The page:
In 2008, NASA scientists got some pretty incredible news. Their spacecraft, Phoenix, found water on Mars.
Doing things the old-school way, they might have released the news with a carefully timed press release. Perhaps even tipped off a few reporters. Instead, NASA did something different and unexpected: the organization announced the news with 116 characters.
Are you ready to celebrate? Well, get ready: We have ICE!!!!! Yes, ICE, *WATER ICE* on Mars! w00t!!! Best day ever!!
— MarsPhoenix (@MarsPhoenix) June 20, 2008
The @MarsPhoenix account soon gained 75,000 followers and became the eighth most followed Twitter account. The tweet was even recognized by Twitter and Mashable as one of the most memorable posts ever. While Phoenix was on Mars collecting data, NASA’s social media team used tweets to personalize the spacecraft, from its arrival (“I’ve landed!!!!”) up until Phoenix “died” from a lack of sunlight.
Fast forward eight years and NASA’s social media operation has expanded into a well-oiled rocketship that publishes content to 14 different platforms. Its main NASA Twitter handle has an astounding 17.4 million followers – plus a Shorty Award – as does NASA’s Mars Curiosity Rover handle, which has more than 3 million followers.
When it comes to attracting followers, NASA benefits from its fascinating and (literally) limitless subject matter: space. But with that advantage comes the challenge of managing the sheer amount of content the organization generates and disseminates on a daily basis. And the need to provide guidance to the team that helps keep 500+ social media platforms going, as well as directly managing NASA’s primary accounts, all while building relationships with tens of millions of fans and followers from around the globe. A task almost as immense as the organization’s subject matter.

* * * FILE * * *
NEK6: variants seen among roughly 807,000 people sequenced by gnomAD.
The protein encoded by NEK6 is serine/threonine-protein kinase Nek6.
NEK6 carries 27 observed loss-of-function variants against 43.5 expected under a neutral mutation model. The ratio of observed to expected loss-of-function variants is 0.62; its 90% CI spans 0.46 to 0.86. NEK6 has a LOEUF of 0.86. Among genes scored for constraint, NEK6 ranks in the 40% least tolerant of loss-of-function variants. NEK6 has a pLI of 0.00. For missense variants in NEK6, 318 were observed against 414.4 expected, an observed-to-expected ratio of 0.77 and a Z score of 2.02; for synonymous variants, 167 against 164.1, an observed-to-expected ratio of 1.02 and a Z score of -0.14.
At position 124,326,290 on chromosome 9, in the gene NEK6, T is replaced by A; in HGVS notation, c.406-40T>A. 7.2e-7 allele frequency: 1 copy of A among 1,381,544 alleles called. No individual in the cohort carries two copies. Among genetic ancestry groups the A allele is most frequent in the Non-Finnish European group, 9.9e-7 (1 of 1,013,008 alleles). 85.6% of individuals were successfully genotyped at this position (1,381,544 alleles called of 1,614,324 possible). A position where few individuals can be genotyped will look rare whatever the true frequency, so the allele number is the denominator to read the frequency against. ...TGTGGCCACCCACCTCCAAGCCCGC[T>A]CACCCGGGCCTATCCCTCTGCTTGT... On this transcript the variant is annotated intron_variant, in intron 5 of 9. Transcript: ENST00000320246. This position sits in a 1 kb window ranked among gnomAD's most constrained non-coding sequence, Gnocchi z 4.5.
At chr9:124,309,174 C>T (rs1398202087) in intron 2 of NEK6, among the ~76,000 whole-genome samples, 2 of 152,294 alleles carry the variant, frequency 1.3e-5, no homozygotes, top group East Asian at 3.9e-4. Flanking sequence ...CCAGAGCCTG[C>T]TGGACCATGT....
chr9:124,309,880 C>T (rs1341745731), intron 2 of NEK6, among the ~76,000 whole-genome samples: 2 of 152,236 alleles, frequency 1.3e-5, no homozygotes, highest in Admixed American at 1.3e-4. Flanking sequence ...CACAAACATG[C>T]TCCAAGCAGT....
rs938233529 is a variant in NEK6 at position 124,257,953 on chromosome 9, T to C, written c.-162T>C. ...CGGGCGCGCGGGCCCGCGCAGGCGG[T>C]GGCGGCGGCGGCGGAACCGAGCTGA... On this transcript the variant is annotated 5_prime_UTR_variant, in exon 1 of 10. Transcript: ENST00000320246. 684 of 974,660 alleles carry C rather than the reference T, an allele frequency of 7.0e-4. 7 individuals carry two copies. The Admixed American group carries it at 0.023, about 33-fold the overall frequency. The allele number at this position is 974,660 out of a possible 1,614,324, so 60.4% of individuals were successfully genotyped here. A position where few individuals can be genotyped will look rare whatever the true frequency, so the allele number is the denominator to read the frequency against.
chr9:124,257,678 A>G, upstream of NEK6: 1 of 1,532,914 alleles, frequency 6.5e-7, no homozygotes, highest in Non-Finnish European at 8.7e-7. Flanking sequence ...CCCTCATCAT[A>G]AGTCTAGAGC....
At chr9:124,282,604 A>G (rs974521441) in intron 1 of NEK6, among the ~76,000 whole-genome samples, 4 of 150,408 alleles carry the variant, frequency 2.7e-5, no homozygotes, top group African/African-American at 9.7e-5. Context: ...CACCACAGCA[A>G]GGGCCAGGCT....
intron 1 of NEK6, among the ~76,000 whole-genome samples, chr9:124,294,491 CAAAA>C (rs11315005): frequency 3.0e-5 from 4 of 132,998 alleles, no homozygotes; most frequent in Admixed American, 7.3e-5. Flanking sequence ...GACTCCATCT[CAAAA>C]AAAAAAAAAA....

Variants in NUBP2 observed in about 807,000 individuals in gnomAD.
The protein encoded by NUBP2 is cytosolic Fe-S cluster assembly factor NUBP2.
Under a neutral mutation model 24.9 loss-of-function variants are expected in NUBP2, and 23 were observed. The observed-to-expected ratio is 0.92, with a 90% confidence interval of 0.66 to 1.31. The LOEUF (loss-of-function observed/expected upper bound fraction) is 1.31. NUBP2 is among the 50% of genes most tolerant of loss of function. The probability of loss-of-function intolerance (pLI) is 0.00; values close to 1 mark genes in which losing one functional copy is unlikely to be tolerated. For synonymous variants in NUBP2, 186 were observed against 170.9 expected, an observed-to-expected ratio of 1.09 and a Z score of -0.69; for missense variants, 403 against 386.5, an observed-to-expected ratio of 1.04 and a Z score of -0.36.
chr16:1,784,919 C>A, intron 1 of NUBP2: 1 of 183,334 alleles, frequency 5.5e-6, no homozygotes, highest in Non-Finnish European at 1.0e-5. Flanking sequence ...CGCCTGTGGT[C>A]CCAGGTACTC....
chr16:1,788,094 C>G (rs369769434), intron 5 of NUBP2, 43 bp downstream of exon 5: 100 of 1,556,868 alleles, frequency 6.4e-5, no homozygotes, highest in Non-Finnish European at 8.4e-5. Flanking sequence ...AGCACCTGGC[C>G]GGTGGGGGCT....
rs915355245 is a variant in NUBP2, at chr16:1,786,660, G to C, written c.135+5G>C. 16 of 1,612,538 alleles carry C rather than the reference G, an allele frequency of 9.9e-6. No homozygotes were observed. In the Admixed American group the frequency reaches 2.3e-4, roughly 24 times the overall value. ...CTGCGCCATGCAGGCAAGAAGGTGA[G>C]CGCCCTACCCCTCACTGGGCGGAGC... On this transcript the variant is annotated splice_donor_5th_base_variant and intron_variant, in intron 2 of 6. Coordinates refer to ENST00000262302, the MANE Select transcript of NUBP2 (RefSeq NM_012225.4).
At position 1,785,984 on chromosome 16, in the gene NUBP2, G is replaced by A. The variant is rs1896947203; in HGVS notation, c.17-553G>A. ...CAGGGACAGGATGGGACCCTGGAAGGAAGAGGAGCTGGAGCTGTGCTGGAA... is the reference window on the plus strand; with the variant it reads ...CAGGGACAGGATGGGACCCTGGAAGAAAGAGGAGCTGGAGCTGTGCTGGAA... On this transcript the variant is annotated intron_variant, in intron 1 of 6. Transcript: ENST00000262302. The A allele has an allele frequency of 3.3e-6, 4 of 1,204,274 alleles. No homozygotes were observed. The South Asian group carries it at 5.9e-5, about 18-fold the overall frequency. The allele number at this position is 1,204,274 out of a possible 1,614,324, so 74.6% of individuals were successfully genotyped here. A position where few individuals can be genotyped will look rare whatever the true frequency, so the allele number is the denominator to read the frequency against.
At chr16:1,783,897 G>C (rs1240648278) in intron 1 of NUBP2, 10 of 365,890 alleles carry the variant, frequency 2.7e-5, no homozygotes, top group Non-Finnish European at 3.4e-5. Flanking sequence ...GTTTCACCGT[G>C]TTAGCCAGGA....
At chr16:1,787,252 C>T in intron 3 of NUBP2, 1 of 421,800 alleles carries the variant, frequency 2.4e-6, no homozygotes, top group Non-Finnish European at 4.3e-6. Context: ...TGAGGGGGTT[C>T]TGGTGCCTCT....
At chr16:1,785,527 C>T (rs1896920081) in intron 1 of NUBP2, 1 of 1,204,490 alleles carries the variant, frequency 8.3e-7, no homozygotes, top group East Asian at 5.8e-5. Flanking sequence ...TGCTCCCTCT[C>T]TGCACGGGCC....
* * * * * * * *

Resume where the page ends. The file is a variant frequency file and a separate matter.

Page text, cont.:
To pull it all off, NASA fervidly invests in building and maintaining a social media infrastructure.
NASA has 10 field centers distributed across the U.S., and a full-time social media person embedded within each one. These social media managers act as content producers, science “translators,” and bridge builders between social and other business functions.
There’s a specialized social team at NASA HQ to keep the whole machine running. They coordinate social media activities between all field centers, communicate key updates to the C-Suite, and provide training and enablement for their regional counterparts.